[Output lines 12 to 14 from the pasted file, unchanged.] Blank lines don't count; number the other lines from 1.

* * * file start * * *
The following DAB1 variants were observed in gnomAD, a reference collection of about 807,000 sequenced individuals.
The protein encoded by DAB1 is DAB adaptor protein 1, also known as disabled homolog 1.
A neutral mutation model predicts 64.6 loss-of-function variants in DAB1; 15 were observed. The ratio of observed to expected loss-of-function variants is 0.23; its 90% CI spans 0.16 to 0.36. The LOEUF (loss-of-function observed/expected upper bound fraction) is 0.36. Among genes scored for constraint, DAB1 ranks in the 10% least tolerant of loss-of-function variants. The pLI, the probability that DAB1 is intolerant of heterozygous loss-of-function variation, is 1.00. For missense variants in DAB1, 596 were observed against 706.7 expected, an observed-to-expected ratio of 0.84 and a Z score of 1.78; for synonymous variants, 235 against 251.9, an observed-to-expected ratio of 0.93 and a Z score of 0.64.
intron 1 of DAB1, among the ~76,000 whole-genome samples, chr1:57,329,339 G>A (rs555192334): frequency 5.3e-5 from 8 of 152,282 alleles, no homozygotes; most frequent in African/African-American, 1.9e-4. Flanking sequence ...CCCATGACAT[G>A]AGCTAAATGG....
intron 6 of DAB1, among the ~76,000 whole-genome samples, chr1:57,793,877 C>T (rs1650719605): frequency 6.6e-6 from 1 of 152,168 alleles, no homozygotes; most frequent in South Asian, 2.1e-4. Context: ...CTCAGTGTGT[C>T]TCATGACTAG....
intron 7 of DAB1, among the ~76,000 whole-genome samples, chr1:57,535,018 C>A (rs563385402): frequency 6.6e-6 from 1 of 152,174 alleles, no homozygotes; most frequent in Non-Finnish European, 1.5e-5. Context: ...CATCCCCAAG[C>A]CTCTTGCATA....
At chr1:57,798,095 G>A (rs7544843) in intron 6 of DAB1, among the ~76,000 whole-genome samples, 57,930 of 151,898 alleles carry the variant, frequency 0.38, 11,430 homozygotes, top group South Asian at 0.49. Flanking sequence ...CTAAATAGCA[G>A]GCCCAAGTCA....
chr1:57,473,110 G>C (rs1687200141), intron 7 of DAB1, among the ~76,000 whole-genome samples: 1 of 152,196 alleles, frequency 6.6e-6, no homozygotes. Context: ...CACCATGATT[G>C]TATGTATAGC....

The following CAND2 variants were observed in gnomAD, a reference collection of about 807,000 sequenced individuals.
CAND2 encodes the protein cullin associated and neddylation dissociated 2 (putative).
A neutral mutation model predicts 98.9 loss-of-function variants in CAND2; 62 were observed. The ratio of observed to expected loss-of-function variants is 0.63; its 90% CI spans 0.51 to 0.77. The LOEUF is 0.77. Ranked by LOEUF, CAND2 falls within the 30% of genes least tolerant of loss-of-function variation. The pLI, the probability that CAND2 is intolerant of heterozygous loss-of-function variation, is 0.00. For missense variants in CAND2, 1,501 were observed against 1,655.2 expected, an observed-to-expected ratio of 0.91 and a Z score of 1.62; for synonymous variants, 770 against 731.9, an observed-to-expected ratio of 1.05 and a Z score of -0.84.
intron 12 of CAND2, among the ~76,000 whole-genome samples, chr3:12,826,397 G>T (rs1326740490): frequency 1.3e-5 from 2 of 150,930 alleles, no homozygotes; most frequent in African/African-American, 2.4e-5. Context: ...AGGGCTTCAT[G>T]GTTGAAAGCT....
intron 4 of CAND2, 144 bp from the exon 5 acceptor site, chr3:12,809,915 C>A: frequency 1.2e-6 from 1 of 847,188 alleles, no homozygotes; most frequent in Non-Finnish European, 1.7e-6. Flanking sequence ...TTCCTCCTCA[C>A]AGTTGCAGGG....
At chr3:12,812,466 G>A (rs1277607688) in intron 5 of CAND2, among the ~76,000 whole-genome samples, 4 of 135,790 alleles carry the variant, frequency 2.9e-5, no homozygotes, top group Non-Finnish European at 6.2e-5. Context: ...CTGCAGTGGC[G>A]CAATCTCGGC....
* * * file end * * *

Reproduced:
intron 12 of CAND2, among the ~76,000 whole-genome samples, chr3:12,826,397 G>T (rs1326740490): frequency 1.3e-5 from 2 of 150,930 alleles, no homozygotes; most frequent in African/African-American, 2.4e-5. Context: ...AGGGCTTCAT[G>T]GTTGAAAGCT....
intron 4 of CAND2, 144 bp from the exon 5 acceptor site, chr3:12,809,915 C>A: frequency 1.2e-6 from 1 of 847,188 alleles, no homozygotes; most frequent in Non-Finnish European, 1.7e-6. Flanking sequence ...TTCCTCCTCA[C>A]AGTTGCAGGG....
At chr3:12,812,466 G>A (rs1277607688) in intron 5 of CAND2, among the ~76,000 whole-genome samples, 4 of 135,790 alleles carry the variant, frequency 2.9e-5, no homozygotes, top group Non-Finnish European at 6.2e-5. Context: ...CTGCAGTGGC[G>A]CAATCTCGGC....